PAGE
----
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Eclectic lineup on PBS

Projects include a seven-part series on the blues, produced by Martin Scorsese.

September 14, 2003|Susan King | Times Staff Writer

PBS programming is more than just pledge-drive concerts aimed at baby boomers, despite what it looks like sometimes. This fall alone, the public broadcasters are offering a remake of a Russian classic, the latest documentary from Ken Burns and an ambitious exploration of the blues.

Here's a look at what's in store for public broadcasting:


"American Family": Edward James Olmos headlines this ensemble drama about the Gonzalez family. PBS kicks off the last nine episodes of the first season during Hispanic Heritage Month, followed by selected episodes leading up to its second-season premiere next April 4. Sept. 28 at 7 p.m., KCET.

"The Blues": Martin Scorsese is the executive producer of this seven-part film series that over the course of a week looks at the essence of blues music and explores its global influence. The first film is directed by Scorsese, with offerings the following six nights from Wim Wenders, Richard Pearce, Charles Burnett, Marc Levin, Mike Figgis and Clint Eastwood. The series airs Sept. 28-Oct. 4 at 9 p.m. on KCET.

"ExxonMobil Masterpiece Thea- tre": The long-running dramatic anthology series kicks off its new season with "Warrior Queen," starring Alex Kingston of "ER," as the title character, who in the 1st century AD led Britons in nearly expelling Roman armies. It airs Oct. 12 at 9 p.m. on KCET; Hans Matheson attempts to fill the shoes of Omar Sharif in the lavish new production of Boris Pasternak's "Doctor Zhivago," as the Russian poet-physician Yuri Zhivago; Keira Knightley of "Bend It Like Beckham" and "Pirates of the Caribbean: The Curse of the Black Pearl," plays Lara, the love of his life, and Sam Neill is Lara's seducer, Victor Komarovsky. Nov. 2 at 9 p.m., KCET.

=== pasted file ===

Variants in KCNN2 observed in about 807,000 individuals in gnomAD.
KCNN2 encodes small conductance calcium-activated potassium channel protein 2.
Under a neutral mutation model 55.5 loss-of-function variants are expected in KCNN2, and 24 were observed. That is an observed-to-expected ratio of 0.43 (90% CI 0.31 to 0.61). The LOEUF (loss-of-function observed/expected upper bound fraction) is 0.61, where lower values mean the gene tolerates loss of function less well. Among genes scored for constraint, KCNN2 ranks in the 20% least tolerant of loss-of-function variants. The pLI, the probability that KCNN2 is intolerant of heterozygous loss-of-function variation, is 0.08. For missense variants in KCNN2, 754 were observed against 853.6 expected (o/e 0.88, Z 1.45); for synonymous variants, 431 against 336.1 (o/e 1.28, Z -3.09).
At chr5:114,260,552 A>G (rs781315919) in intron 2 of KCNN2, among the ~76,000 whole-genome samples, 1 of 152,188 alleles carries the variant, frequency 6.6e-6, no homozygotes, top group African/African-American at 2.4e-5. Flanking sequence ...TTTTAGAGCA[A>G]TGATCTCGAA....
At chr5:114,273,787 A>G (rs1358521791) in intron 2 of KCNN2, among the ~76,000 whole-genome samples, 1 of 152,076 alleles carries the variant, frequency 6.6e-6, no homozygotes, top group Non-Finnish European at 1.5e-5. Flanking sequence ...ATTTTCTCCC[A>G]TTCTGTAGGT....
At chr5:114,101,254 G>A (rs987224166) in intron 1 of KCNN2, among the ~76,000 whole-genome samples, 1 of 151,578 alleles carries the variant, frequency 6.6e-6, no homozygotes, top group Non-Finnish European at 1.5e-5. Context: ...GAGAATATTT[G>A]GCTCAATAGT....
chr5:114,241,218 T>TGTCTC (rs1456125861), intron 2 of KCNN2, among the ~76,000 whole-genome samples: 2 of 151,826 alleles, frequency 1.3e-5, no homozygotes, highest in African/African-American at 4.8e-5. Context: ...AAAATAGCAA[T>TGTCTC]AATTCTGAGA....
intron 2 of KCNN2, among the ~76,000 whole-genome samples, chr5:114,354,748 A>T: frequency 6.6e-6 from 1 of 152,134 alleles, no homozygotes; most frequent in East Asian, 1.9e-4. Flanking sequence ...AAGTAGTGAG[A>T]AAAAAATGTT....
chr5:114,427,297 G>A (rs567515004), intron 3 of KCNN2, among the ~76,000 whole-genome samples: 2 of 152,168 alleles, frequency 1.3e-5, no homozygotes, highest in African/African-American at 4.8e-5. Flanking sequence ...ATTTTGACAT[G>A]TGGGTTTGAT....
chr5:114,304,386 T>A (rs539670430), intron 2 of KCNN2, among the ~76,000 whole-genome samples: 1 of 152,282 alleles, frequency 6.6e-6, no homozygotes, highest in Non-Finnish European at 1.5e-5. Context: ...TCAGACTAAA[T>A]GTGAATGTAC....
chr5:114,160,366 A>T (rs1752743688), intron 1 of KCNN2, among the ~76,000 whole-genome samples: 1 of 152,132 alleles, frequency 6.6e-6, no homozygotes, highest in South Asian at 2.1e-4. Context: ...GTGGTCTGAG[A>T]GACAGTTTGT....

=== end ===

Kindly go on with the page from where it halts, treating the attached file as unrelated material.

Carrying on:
"Wide Angle: Dying to Leave": This two-hour documentary explores the massive scope of the new boom in illegal migration by focusing on the stories of six migrants from various areas around the world and the circumstances that drove each individual from their homes. Sept. 25 at 9 p.m., KCET.

"Horatio's Drive: America's First Roadtrip": Ken Burns returns with this documentary about America's first cross-country automotive road trip, exactly 100 years ago. Horatio Nelson Jackson was a retired Vermont doctor living in San Francisco who was angered when he heard people bad-mouth the "horseless carriage" and wagered he could cross the country by car in just three months. Accompanied by his dog, Jackson drove across America in a 20-horsepower, open-seated Winton in 63 1/2 days. Tom Hanks is the voice of Nelson. Oct. 6 at 9 p.m., KCET.

"Lawrence of Arabia: The Battle for the Arab World": This story of the famed British soldier T.E. Lawrence was filmed in England and throughout the Middle East and includes archival footage and eyewitness accounts of Arabs, Westerners and Lawrence himself to chronicle his role in the unification of the Arab tribes against the Turks during World War I. Oct. 22 at 9 p.m., KCET.

"American Valor": A look at America's military heroes who have won the Medal of Honor. Their stories are told through newsreel footage, photographs, military art and interviews. Nov. 11 at 9 p.m., KCET.

"A Thief of Time, An American Mystery! Special": Tony Hillerman's Navajo tribal policemen Joe Leaphorn and Jim Chee return in this adaptation of the bestseller about the disappearance of an archeologist turned pottery poacher who believes she has cracked the secret of the vanished Anasazi culture. Adam Beach, Wes Studi and Peter Fonda star. Nov. 16 at 9 p.m., KCET.

"On Stage at the Kennedy Center: The Mark Twain Prize": A salute to Lily Tomlin, the recipient this year of the most prestigious prize for American humor. Nov. 26 at 9 p.m., KCET.

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